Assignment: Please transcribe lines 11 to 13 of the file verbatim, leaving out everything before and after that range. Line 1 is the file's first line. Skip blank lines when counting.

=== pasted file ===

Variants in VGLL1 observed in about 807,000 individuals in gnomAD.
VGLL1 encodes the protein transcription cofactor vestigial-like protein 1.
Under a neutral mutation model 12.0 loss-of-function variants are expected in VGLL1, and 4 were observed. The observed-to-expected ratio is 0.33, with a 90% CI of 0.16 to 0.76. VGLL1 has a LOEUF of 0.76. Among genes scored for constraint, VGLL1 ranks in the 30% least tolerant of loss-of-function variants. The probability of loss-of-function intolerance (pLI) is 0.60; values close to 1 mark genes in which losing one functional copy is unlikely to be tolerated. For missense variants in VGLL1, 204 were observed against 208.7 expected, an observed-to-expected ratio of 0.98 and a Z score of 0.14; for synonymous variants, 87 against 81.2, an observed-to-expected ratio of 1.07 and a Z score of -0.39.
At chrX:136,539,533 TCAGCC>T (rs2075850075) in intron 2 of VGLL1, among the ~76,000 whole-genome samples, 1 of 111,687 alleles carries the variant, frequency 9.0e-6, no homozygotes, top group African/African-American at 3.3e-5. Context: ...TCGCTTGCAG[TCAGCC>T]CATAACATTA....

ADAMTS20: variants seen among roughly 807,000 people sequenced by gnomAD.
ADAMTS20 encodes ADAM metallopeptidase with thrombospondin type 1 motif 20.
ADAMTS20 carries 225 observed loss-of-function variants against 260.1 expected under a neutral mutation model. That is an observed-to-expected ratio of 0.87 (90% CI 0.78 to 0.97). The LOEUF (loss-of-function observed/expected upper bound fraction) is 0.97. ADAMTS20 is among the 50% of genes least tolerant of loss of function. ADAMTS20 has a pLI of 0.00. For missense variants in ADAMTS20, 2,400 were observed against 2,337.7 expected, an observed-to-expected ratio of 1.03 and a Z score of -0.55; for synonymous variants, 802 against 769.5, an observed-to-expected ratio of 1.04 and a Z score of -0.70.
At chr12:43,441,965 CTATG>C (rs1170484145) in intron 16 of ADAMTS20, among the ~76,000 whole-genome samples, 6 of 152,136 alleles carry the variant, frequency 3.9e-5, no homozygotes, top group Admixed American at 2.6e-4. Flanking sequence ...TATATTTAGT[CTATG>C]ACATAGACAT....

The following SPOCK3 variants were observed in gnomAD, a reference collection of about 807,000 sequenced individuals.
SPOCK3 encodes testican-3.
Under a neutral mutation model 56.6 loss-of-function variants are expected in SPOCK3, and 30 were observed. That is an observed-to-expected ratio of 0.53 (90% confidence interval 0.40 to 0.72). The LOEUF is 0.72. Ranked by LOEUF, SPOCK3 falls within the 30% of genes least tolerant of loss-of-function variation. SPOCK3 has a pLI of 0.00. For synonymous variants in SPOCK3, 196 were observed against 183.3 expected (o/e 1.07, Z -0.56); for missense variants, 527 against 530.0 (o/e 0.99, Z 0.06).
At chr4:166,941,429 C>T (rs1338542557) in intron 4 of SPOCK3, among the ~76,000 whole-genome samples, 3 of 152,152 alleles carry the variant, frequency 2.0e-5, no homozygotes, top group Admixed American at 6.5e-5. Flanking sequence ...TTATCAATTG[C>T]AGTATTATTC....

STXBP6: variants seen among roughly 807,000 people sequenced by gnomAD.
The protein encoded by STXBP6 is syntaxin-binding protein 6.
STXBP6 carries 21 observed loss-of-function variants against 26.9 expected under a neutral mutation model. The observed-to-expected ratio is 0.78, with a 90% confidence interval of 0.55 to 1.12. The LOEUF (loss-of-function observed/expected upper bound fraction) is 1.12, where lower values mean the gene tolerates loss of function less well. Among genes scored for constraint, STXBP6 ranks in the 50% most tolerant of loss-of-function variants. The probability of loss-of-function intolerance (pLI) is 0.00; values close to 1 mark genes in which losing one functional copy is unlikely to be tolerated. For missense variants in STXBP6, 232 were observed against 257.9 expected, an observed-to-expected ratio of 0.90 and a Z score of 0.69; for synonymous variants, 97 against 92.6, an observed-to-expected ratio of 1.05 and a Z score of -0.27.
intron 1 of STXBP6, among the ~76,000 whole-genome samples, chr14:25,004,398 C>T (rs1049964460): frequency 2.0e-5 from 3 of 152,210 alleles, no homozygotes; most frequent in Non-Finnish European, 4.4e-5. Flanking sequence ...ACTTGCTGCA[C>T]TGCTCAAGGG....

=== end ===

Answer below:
Under a neutral mutation model 56.6 loss-of-function variants are expected in SPOCK3, and 30 were observed. That is an observed-to-expected ratio of 0.53 (90% confidence interval 0.40 to 0.72). The LOEUF is 0.72. Ranked by LOEUF, SPOCK3 falls within the 30% of genes least tolerant of loss-of-function variation. SPOCK3 has a pLI of 0.00. For synonymous variants in SPOCK3, 196 were observed against 183.3 expected (o/e 1.07, Z -0.56); for missense variants, 527 against 530.0 (o/e 0.99, Z 0.06).
At chr4:166,941,429 C>T (rs1338542557) in intron 4 of SPOCK3, among the ~76,000 whole-genome samples, 3 of 152,152 alleles carry the variant, frequency 2.0e-5, no homozygotes, top group Admixed American at 6.5e-5. Flanking sequence ...TTATCAATTG[C>T]AGTATTATTC....

STXBP6: variants seen among roughly 807,000 people sequenced by gnomAD.